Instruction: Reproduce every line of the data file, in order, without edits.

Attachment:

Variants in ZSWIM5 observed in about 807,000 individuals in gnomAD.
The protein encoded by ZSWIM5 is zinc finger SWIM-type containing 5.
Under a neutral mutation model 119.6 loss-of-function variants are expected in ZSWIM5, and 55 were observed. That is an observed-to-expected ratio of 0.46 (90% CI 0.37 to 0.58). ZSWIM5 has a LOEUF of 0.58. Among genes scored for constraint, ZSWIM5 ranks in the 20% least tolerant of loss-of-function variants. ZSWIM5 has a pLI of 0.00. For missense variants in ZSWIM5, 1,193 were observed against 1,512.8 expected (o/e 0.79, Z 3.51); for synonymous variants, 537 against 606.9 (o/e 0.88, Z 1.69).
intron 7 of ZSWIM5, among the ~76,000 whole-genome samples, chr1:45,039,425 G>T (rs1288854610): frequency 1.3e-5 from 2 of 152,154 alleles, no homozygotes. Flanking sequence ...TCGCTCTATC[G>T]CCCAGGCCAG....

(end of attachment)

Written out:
Variants in ZSWIM5 observed in about 807,000 individuals in gnomAD.
The protein encoded by ZSWIM5 is zinc finger SWIM-type containing 5.
Under a neutral mutation model 119.6 loss-of-function variants are expected in ZSWIM5, and 55 were observed. That is an observed-to-expected ratio of 0.46 (90% CI 0.37 to 0.58). ZSWIM5 has a LOEUF of 0.58. Among genes scored for constraint, ZSWIM5 ranks in the 20% least tolerant of loss-of-function variants. ZSWIM5 has a pLI of 0.00. For missense variants in ZSWIM5, 1,193 were observed against 1,512.8 expected (o/e 0.79, Z 3.51); for synonymous variants, 537 against 606.9 (o/e 0.88, Z 1.69).
intron 7 of ZSWIM5, among the ~76,000 whole-genome samples, chr1:45,039,425 G>T (rs1288854610): frequency 1.3e-5 from 2 of 152,154 alleles, no homozygotes. Flanking sequence ...TCGCTCTATC[G>T]CCCAGGCCAG....